Steer the turbulent waters of desire with dharma and prasada-buddhi

Karma yoga/Topic of Karma (chapter 3…continued)

No one can refrain from performing action, not even for a minute. Why? Look at yourself….One day you decide that you have been working hard and so you want to sit at home and chill. So you sit at home… On the first day, even though you thought you would sleep up to 9, you are up at 7.30 by force of habit. You toss and turn in bed for some  time and then you wake up, chill out all day long, you decide not to go to work, not to do any chores…you relax, you watch TV, but by evening you are bored. You then decide to meet a few people, you call up friends and by the second day you are calling up colleagues and discussing work even though you had decided against it….Or you end up doing things at home. If your wife is not a career woman, you end up driving her crazy by doing things she doesn’t want you to do. Nobody can really remain completely without doing anything, because the internal pressure of desire, boredom etc will push one to action.

And if you do have a lot of desires inside and you are choosing not to act upon them, the desire still remains. You will end up fantasizing about those desires and how you can enjoy them without doing anything about them. This is what Krishna calls a mithyachara, a hypocrite, because he’s posing as a great spiritual person who does not have any desires or not getting involved in any action, but his mind is a volcano of desires and sooner or later it will explode. Therefore, it’s better to live the life of a karma-yogi, figure out your priorities, then work to fulfil those desires (which are appropriate) in the spirit of karma-yoga. That would  be a better way to live your life. Krishna always cautions against hasty sanyasa because if one takes sanyasa but does not have the maturity for it, the problem of desires still remains. The person wants to do a lot of things but doesn’t have the field of activity, and that’s an ideal situation to get frustrated in life. Therefore, Krishna seems to be making a plea to people to follow the life of karma-yoga over sanyasa.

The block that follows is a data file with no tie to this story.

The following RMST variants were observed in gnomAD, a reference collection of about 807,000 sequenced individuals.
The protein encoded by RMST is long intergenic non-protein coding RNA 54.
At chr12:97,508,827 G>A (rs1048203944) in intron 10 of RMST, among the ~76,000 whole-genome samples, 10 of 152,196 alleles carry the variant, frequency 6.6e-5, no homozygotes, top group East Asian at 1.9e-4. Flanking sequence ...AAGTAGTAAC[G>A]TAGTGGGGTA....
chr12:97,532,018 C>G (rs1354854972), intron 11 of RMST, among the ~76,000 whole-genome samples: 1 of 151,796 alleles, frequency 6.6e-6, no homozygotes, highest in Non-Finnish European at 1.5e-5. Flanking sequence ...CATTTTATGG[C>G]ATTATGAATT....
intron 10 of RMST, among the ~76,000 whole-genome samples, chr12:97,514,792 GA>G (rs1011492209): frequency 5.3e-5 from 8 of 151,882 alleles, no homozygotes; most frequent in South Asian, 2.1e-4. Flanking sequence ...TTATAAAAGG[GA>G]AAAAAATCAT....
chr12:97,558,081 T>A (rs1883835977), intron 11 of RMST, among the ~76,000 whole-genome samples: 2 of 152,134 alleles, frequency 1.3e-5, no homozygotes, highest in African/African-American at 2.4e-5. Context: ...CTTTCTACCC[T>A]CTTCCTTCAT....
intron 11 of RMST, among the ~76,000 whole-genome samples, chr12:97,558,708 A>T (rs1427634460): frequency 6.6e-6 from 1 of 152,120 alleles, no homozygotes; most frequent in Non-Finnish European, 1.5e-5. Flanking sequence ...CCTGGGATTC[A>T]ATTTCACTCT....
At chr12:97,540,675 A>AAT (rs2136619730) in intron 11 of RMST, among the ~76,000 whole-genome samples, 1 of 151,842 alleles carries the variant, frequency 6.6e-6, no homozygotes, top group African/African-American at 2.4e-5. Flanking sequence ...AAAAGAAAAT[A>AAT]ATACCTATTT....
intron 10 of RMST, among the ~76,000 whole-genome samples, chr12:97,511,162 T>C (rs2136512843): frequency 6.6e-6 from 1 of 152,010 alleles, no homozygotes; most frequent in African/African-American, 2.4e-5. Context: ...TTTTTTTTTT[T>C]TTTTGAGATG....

Meditation is also advised. Does it help?[pullquote]the mind can be covered by desire the way a flame is covered by smoke or as a mirror with dust on it—you cannot puff the dust away, the mirror here needs polishing[/pullquote]

Meditation alone can’t handle desires. In fact, the mind which is free of desires will naturally become contemplative, and action is the order of life. Life does not reward how good you are or how capable you are; it rewards you for what you have done. If you want something, do something. Desire by itself is not a problem, how you go about fulfilling it is what matters. If you have chosen the appropriate actions, in keeping with dharma, and living the life of karma-yoga with prasada buddhi etc –we have covered this in earlier posts in this blog—there is no way you cannot gain this knowledge.  In fact, Krishna goes on with examples of people in the past like Janaka etc who gained moksha even though he performed a lot of action. It’s a mistaken notion that actionlessness is spirituality.

Swamiji, how has this notion come about?

This notion has come about because people wrongly equate sanyasa with doing nothing. Sanyasa is focused, intense pursuit of this spiritual wisdom and not just doing nothing.